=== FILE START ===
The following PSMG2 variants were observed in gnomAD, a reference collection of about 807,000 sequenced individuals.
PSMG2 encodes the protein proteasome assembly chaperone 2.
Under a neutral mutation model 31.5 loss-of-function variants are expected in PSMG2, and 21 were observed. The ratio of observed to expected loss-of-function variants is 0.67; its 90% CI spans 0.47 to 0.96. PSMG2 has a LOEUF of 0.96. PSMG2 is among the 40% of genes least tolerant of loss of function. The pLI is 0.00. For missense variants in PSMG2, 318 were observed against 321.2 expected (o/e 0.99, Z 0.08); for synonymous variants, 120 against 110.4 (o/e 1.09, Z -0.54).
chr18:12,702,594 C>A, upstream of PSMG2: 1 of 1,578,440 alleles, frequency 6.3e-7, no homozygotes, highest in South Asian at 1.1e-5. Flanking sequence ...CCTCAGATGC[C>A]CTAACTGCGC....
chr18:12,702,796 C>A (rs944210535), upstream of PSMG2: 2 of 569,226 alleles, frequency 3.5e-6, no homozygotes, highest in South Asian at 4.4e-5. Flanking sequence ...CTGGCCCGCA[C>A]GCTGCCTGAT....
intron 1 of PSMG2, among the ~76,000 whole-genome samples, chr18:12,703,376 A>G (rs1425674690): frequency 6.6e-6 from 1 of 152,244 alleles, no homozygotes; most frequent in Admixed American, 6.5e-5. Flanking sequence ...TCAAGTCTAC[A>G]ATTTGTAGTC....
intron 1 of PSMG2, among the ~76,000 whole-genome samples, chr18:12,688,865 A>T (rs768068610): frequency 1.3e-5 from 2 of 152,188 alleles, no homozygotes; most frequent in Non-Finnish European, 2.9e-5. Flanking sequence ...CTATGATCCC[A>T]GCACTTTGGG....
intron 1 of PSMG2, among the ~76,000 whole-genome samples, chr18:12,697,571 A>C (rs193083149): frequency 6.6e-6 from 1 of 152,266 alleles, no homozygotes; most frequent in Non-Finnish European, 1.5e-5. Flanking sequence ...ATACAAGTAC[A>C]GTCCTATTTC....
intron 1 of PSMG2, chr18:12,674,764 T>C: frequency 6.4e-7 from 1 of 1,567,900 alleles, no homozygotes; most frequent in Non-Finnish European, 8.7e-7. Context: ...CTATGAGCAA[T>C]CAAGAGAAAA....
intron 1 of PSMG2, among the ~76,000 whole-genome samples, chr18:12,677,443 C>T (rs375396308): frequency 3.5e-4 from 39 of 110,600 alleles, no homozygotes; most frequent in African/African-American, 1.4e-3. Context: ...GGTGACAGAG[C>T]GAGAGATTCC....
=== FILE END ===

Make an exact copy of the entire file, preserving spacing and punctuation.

The following PSMG2 variants were observed in gnomAD, a reference collection of about 807,000 sequenced individuals.
PSMG2 encodes the protein proteasome assembly chaperone 2.
Under a neutral mutation model 31.5 loss-of-function variants are expected in PSMG2, and 21 were observed. The ratio of observed to expected loss-of-function variants is 0.67; its 90% CI spans 0.47 to 0.96. PSMG2 has a LOEUF of 0.96. PSMG2 is among the 40% of genes least tolerant of loss of function. The pLI is 0.00. For missense variants in PSMG2, 318 were observed against 321.2 expected (o/e 0.99, Z 0.08); for synonymous variants, 120 against 110.4 (o/e 1.09, Z -0.54).
chr18:12,702,594 C>A, upstream of PSMG2: 1 of 1,578,440 alleles, frequency 6.3e-7, no homozygotes, highest in South Asian at 1.1e-5. Flanking sequence ...CCTCAGATGC[C>A]CTAACTGCGC....
chr18:12,702,796 C>A (rs944210535), upstream of PSMG2: 2 of 569,226 alleles, frequency 3.5e-6, no homozygotes, highest in South Asian at 4.4e-5. Flanking sequence ...CTGGCCCGCA[C>A]GCTGCCTGAT....
intron 1 of PSMG2, among the ~76,000 whole-genome samples, chr18:12,703,376 A>G (rs1425674690): frequency 6.6e-6 from 1 of 152,244 alleles, no homozygotes; most frequent in Admixed American, 6.5e-5. Flanking sequence ...TCAAGTCTAC[A>G]ATTTGTAGTC....
intron 1 of PSMG2, among the ~76,000 whole-genome samples, chr18:12,688,865 A>T (rs768068610): frequency 1.3e-5 from 2 of 152,188 alleles, no homozygotes; most frequent in Non-Finnish European, 2.9e-5. Flanking sequence ...CTATGATCCC[A>T]GCACTTTGGG....
intron 1 of PSMG2, among the ~76,000 whole-genome samples, chr18:12,697,571 A>C (rs193083149): frequency 6.6e-6 from 1 of 152,266 alleles, no homozygotes; most frequent in Non-Finnish European, 1.5e-5. Flanking sequence ...ATACAAGTAC[A>C]GTCCTATTTC....
intron 1 of PSMG2, chr18:12,674,764 T>C: frequency 6.4e-7 from 1 of 1,567,900 alleles, no homozygotes; most frequent in Non-Finnish European, 8.7e-7. Context: ...CTATGAGCAA[T>C]CAAGAGAAAA....
intron 1 of PSMG2, among the ~76,000 whole-genome samples, chr18:12,677,443 C>T (rs375396308): frequency 3.5e-4 from 39 of 110,600 alleles, no homozygotes; most frequent in African/African-American, 1.4e-3. Context: ...GGTGACAGAG[C>T]GAGAGATTCC....